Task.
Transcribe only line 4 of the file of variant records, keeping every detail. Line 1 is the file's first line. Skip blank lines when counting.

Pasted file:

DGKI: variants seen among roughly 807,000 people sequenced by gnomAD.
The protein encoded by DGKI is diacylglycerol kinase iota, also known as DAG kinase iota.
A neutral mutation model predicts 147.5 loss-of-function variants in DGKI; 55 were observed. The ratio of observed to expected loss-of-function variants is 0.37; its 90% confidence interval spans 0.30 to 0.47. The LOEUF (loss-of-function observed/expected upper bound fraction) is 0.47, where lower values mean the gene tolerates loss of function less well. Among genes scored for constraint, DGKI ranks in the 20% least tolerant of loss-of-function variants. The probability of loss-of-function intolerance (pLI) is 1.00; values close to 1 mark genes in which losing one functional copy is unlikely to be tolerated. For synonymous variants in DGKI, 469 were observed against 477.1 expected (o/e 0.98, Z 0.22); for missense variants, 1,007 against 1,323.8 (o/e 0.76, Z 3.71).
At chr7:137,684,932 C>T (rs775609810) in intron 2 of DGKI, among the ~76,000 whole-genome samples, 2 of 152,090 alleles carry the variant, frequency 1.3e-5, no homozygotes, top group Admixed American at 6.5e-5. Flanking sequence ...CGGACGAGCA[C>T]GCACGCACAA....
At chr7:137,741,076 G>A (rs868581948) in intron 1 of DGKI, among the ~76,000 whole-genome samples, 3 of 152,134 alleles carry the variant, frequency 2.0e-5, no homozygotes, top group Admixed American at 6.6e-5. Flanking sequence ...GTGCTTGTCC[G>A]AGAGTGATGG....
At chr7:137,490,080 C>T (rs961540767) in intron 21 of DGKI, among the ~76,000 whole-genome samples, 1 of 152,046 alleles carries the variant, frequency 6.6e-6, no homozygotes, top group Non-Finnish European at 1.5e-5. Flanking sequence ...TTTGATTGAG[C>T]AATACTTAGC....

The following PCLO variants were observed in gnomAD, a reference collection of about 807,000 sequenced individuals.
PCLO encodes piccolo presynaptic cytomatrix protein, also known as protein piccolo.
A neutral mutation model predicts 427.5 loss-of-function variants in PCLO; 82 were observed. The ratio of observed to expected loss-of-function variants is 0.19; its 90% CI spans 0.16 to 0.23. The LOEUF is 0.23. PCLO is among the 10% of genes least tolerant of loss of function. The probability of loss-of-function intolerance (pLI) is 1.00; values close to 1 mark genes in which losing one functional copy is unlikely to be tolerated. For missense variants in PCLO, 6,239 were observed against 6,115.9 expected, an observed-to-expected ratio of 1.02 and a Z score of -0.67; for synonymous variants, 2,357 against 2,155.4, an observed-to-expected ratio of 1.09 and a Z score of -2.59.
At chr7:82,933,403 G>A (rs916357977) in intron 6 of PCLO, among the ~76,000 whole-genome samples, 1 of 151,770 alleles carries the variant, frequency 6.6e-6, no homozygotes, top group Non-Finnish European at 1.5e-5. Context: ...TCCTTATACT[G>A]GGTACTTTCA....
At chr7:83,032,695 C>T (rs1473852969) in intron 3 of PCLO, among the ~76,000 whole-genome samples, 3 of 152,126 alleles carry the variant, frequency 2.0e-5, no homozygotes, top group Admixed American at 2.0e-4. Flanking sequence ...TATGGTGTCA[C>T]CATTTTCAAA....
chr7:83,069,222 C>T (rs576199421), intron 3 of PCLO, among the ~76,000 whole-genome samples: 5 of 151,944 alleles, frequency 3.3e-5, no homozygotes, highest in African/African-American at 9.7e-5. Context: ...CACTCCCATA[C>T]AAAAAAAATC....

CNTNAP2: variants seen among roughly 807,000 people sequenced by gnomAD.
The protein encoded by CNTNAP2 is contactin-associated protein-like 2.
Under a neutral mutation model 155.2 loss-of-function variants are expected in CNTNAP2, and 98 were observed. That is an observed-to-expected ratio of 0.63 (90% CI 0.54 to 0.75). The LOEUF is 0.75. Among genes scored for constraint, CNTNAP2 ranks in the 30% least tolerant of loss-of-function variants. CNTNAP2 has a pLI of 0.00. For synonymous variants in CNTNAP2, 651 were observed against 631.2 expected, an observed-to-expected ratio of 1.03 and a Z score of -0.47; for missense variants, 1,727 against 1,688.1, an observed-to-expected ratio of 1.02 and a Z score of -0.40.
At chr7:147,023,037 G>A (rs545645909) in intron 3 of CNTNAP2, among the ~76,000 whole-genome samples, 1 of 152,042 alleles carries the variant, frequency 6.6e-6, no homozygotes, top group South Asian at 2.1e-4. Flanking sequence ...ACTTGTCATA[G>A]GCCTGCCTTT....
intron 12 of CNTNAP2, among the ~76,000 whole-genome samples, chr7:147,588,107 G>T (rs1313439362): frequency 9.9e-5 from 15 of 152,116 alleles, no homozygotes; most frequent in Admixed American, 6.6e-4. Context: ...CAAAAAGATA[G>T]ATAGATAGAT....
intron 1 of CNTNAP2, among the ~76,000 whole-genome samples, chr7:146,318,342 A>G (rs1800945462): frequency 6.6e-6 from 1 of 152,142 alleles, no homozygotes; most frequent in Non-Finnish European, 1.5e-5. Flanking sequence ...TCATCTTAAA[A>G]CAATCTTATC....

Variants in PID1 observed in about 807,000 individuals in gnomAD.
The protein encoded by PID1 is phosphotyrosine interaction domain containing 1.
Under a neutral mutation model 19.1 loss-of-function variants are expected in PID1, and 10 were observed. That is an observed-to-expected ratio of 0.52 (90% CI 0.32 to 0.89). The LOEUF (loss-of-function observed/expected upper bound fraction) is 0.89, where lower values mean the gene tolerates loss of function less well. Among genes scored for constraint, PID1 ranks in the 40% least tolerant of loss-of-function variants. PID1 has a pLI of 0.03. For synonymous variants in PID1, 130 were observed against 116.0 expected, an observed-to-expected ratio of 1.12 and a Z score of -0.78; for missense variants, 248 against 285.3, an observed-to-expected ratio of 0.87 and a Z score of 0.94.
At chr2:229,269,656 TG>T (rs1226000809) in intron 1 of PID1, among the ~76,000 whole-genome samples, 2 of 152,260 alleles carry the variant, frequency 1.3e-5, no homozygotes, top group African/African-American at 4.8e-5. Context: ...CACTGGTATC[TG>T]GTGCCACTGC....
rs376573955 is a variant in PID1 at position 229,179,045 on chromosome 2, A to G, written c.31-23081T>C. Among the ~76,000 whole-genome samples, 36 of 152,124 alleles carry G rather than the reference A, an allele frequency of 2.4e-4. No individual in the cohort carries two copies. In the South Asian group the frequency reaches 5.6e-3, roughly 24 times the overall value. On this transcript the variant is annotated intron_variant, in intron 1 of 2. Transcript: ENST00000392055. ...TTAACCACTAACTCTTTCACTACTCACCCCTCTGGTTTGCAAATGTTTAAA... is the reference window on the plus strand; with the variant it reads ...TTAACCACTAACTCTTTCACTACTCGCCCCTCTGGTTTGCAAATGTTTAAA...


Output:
At chr7:137,684,932 C>T (rs775609810) in intron 2 of DGKI, among the ~76,000 whole-genome samples, 2 of 152,090 alleles carry the variant, frequency 1.3e-5, no homozygotes, top group Admixed American at 6.5e-5. Flanking sequence ...CGGACGAGCA[C>T]GCACGCACAA....